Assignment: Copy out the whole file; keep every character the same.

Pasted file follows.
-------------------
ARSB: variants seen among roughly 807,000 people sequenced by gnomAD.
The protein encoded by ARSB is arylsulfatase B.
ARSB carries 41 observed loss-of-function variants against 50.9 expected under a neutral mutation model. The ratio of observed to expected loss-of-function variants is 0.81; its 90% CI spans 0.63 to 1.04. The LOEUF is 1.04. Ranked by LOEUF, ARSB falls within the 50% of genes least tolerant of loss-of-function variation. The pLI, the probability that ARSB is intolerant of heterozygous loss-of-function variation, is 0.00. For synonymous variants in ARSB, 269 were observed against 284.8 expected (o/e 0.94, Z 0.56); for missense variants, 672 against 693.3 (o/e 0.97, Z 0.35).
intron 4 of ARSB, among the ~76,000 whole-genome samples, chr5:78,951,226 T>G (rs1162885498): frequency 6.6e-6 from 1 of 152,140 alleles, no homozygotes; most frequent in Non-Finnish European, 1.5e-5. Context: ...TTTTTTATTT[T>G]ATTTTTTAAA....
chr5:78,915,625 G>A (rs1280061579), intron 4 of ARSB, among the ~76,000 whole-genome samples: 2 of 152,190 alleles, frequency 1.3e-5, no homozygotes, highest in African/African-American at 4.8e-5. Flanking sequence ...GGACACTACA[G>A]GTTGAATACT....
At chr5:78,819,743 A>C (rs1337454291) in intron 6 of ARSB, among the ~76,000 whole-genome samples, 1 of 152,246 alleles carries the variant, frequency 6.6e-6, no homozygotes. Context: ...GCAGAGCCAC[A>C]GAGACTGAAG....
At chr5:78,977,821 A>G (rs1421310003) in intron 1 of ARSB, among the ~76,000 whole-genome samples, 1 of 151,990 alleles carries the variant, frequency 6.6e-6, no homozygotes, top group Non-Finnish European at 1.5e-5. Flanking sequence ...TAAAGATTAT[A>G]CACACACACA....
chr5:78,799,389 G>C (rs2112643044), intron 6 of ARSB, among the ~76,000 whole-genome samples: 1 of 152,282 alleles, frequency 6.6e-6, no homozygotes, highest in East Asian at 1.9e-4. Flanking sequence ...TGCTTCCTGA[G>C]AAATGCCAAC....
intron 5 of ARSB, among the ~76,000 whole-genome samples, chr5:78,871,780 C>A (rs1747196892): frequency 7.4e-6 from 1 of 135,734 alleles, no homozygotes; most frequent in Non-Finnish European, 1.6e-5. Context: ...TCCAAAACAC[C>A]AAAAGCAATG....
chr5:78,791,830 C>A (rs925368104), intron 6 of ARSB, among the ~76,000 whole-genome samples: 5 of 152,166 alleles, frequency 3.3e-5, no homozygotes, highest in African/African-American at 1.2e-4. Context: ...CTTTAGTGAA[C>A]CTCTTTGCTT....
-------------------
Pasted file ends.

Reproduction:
ARSB: variants seen among roughly 807,000 people sequenced by gnomAD.
The protein encoded by ARSB is arylsulfatase B.
ARSB carries 41 observed loss-of-function variants against 50.9 expected under a neutral mutation model. The ratio of observed to expected loss-of-function variants is 0.81; its 90% CI spans 0.63 to 1.04. The LOEUF is 1.04. Ranked by LOEUF, ARSB falls within the 50% of genes least tolerant of loss-of-function variation. The pLI, the probability that ARSB is intolerant of heterozygous loss-of-function variation, is 0.00. For synonymous variants in ARSB, 269 were observed against 284.8 expected (o/e 0.94, Z 0.56); for missense variants, 672 against 693.3 (o/e 0.97, Z 0.35).
intron 4 of ARSB, among the ~76,000 whole-genome samples, chr5:78,951,226 T>G (rs1162885498): frequency 6.6e-6 from 1 of 152,140 alleles, no homozygotes; most frequent in Non-Finnish European, 1.5e-5. Context: ...TTTTTTATTT[T>G]ATTTTTTAAA....
chr5:78,915,625 G>A (rs1280061579), intron 4 of ARSB, among the ~76,000 whole-genome samples: 2 of 152,190 alleles, frequency 1.3e-5, no homozygotes, highest in African/African-American at 4.8e-5. Flanking sequence ...GGACACTACA[G>A]GTTGAATACT....
At chr5:78,819,743 A>C (rs1337454291) in intron 6 of ARSB, among the ~76,000 whole-genome samples, 1 of 152,246 alleles carries the variant, frequency 6.6e-6, no homozygotes. Context: ...GCAGAGCCAC[A>C]GAGACTGAAG....
At chr5:78,977,821 A>G (rs1421310003) in intron 1 of ARSB, among the ~76,000 whole-genome samples, 1 of 151,990 alleles carries the variant, frequency 6.6e-6, no homozygotes, top group Non-Finnish European at 1.5e-5. Flanking sequence ...TAAAGATTAT[A>G]CACACACACA....
chr5:78,799,389 G>C (rs2112643044), intron 6 of ARSB, among the ~76,000 whole-genome samples: 1 of 152,282 alleles, frequency 6.6e-6, no homozygotes, highest in East Asian at 1.9e-4. Flanking sequence ...TGCTTCCTGA[G>C]AAATGCCAAC....
intron 5 of ARSB, among the ~76,000 whole-genome samples, chr5:78,871,780 C>A (rs1747196892): frequency 7.4e-6 from 1 of 135,734 alleles, no homozygotes; most frequent in Non-Finnish European, 1.6e-5. Context: ...TCCAAAACAC[C>A]AAAAGCAATG....
chr5:78,791,830 C>A (rs925368104), intron 6 of ARSB, among the ~76,000 whole-genome samples: 5 of 152,166 alleles, frequency 3.3e-5, no homozygotes, highest in African/African-American at 1.2e-4. Context: ...CTTTAGTGAA[C>A]CTCTTTGCTT....